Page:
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Monday, Dec. 11
The Indiana Daily Student

sports football

’Right place at the right time’: Walt Bell ready for opportunity with Indiana football


The first few conversations between Indiana football head coach Tom Allen and new offensive coordinator Walt Bell were just the two getting to know each other’s personalities. After all, Allen was already aware of Bell’s capabilities with an offense. 

Unlike Nick Sheridan, Bell’s predecessor, Allen had never been on the same staff as Bell. Allen knew Bell in the same way he knew Kalen DeBoer prior to hiring him for the same position in 2019 — coaching against him.

As Indiana’s defensive coordinator in 2016 and head coach in 2017, Allen had to strategize against Bell, who was the offensive coordinator for Big Ten East rival Maryland at the time. Indiana beat Maryland in 2018, but the Terrapins scored the third-most points against the Hoosiers that season with 36.

Bell triumphed over Allen in his second try, winning 42-39 in 2017. Having already seen Allen’s coaching style, Bell said he’s excited to work under Allen because of who he is as a person.

“To work for a guy who’s accomplished a lot of things that people didn’t think he could do at the time and to also have the chance to work with an unbelievable human being — those two things are what excites me about being here,” Bell said. 

From there, the two spoke about Bell’s new role with the staff. As the team’s former defensive coordinator, most of Allen’s work focuses on that side of the ball. Allen has said his offensive coordinator should be someone he can trust to act as the head coach of the offense. 

Bell, whose previous position was head coach at the University of Massachusetts Amherst where he went 2-23 in three seasons, said he understands the value of having great assistants and hopes he can provide that for Allen.

“Hopefully I can help score points, help do the job and do it in a way that satisfies him in the way that he wants the program run,” Bell said.

When it comes to attacking defenses, Bell said his first priority is effectively running the football. In 2016, when Bell was at Maryland, running back Ty Johnson led the Big Ten in rushing yards per attempt with 9.1.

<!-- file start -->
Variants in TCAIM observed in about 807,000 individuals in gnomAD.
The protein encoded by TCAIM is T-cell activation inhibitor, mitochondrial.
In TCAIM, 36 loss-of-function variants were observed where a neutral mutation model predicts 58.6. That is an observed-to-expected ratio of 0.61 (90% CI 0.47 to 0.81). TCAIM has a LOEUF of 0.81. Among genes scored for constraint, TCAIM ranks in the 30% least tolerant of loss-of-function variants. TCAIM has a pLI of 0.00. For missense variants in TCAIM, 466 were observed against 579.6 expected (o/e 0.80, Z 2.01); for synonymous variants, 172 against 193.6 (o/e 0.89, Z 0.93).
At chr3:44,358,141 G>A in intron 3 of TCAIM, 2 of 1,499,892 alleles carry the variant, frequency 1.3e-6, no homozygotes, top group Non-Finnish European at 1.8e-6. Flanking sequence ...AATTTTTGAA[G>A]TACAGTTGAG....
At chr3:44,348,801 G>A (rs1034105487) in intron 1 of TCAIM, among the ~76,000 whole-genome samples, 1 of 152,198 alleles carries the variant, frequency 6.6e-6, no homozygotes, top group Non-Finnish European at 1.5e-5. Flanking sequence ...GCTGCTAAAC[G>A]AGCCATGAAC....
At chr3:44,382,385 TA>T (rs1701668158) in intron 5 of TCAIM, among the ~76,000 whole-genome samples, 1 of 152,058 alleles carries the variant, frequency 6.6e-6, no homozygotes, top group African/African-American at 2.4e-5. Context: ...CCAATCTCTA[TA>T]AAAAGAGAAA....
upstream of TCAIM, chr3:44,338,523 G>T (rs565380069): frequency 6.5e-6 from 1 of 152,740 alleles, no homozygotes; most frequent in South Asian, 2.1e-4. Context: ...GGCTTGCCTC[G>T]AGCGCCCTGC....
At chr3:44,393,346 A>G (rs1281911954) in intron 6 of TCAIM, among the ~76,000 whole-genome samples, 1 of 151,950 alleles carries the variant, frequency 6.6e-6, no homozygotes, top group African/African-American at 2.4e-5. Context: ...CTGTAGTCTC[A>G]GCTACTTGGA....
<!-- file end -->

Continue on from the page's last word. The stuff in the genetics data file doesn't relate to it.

Indiana’s running backs room fluctuated throughout the 2021 season, with two scholarship running backs entering the transfer portal and starter Stephen Carr suffering a season-ending injury against Michigan on Nov. 6.

Carr is now out of eligibility, leaving Indiana without a scholarship running back. Indiana added rising-senior running back Shaun Shivers as a transfer from Auburn University on Saturday and rising-senior running back Josh Henderson from the University of North Carolina.

Bell’s running scheme is a mixture of quarterback-driven plays and plays within his system, he said. He also looks for matchups and how the offensive line plays against each type of defense.

“Where are your better players?” Bell said. “How can you create matchups? Where can we dent the defense?” 

Bell’s second priority is creating a quick, efficient and well-protected passing game for quarterbacks. 

Quarterback play can be measured on a scale, Bell said. If a quarterback is a better passer, they don’t need to use their athleticism in the run game as much. If they can’t distribute the ball well as a passer, they’ll need to be a dynamic athlete.

Bell said his ideal quarterback would be an excellent passer who can extend plays and boost the offense on third downs and in the red zone. 

“What are their winnable tools, and what can we do as an offense to make sure we’re asking that young man to do what he does well?” Bell said. 

Bell is entering a program that has an established culture of love and acceptance. His new boss’s “LEO” mantra is everywhere. It’s a culture Bell believes in, and one for which he’s excited to contribute.

“I feel like I’m in the right place at the right time with the right guy,” Bell said.

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